Reality TV Shows: Why I Hate to Love Them

In response to The Daily Post’s Hate to Love prompt.

One of my guilty pleasures is reality TV.

I know, I know. It’s trash TV that does nothing to enrich you as a person…but it’s one of those things I hate to love. The heart is a fickle thing. You can’t help what and who you’re drawn to… but you follow it anyway.

It all started with Fear Factor. I liked the competitive game, the fear it evoked in people and the crazy feats they’d ask them to do. These were things I’d never imagine doing myself like eating bugs or sitting in a box full of snakes. I think I liked living vicariously through these brave people.

This continued with other shows like The Bachelor, The Bachelorette and America’s Next Top Model. Like Fear Factor, these also had a competitive aspect to them–people were competing for a prize, whether that was a money reward, a love interest or an occupational title.

They were also full of drama and life like The Hills or The City. Every week, there would be some breakup or some falling out between people, taking the audience through twists and turns, making us speculate and wonder what would happen next.

I’ve watched too many reality TV shows to count. I think the reason why boils down to the fact that I love people-watching. Relationship dynamics are interesting to watch, whether they’re between a couple, between siblings, between friends or even between co-workers.

This is how I try to justify my guilty pleasure of watching reality TV shows, especially as a writer. Stephen King in his book On Writing says that it doesn’t hurt writers to distance themselves from TV because we need to look within for imagination and creativity. Instead, he says that we should be reading as much as we can.

I’ve recently gotten back into reading and I’m absolutely loving it. I’ve realized how much I missed reading a good book. But…at the same time, I’ve also gotten back into watching TV dramas, some of which are pretty amazing nowadays (hint, hint: Penny Dreadful, Vikings, Game of Thrones, Master of None, etc.). I’ve heard a lot of people say we’re going through a Renaissance period in TV, where television is at its best at the moment and I have to agree. Despite this, I still can’t really justify my need to watch shows like Christian Millian’s Turned Up. My sister isn’t letting me live that one down…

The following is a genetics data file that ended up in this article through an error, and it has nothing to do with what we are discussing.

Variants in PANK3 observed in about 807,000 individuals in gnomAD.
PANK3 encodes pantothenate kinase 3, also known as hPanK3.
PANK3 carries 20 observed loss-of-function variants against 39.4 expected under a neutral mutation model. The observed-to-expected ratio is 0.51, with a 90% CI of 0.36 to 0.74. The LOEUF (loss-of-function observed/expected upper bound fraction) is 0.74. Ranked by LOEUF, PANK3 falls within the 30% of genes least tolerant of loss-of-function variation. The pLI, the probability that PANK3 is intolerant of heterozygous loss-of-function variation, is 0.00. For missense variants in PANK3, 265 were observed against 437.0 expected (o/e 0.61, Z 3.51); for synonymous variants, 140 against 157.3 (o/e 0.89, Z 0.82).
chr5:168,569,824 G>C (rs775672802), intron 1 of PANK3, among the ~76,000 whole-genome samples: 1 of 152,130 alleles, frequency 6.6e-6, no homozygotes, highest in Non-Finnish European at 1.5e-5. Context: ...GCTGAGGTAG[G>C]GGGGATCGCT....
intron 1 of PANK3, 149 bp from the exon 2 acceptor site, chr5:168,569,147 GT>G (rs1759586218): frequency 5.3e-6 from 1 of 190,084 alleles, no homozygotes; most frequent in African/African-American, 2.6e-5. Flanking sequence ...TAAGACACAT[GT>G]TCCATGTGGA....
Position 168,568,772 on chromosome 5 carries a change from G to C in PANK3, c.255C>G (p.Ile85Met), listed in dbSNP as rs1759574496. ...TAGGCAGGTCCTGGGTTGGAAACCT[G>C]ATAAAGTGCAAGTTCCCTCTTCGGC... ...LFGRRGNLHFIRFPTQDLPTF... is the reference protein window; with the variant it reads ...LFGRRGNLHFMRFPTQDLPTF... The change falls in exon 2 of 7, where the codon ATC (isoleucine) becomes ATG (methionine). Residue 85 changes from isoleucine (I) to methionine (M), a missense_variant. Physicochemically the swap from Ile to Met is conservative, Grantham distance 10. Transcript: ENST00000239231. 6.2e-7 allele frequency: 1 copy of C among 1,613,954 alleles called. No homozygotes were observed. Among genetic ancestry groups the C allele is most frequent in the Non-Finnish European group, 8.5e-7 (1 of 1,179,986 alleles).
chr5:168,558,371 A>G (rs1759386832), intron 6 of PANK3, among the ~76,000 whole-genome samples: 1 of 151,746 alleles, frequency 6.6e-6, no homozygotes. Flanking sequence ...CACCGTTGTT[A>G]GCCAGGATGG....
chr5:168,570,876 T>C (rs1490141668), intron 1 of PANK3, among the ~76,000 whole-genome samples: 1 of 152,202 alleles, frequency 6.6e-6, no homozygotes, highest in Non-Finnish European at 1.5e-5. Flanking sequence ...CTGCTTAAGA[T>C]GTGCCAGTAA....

At the end of the day though, I like stories, whether they come in books or on TV.

4 thoughts on “Reality TV Shows: Why I Hate to Love Them”

  1. I feel exactly the same way, last night an ad for some crap reality show came on and my husband said “I assume you’ll be tuning in” and I couldn’t decide if I was more embarrassed that the answer was yes or that he knew me so well.

  2. Confession: I’ve never watched a reality TV show. When I say I don’t have a TV, people ooh and aah and say “How wonderful!” as if I’d just run a marathon or something. (I’m here to tell you, I will buy a TV long before I run in a race of any length.) However, a friend recently turned me on to some wicked good TV shows, mostly British, one Danish, most of them crime dramas. I’ve been watching them on my laptop, via DVDs borrowed from the library and Netflix. I’m hooked on the lot of them. The writing and the acting are superb across the board. They’re probably giving me useful lessons in plotting and character development, but even if they aren’t — they’re great and I’m going to keep watching them. Maybe I’ll try a reality show one of these days. 🙂

    1. Haha 🙂 I know the feeling–I barely watch live TV. I watch all of my shows either on demand, online or on Netflix now. It kind of makes you wonder if having a TV is really necessary. I love British crime dramas too, especially Luther. There’s also a pretty good Swedish-Danish one called The Bridge. I find they’re so different from North American crime shows and extremely well-written. Once you start watching reality TV, it can be hard to stop but it’s interesting to watch people in that setting 🙂

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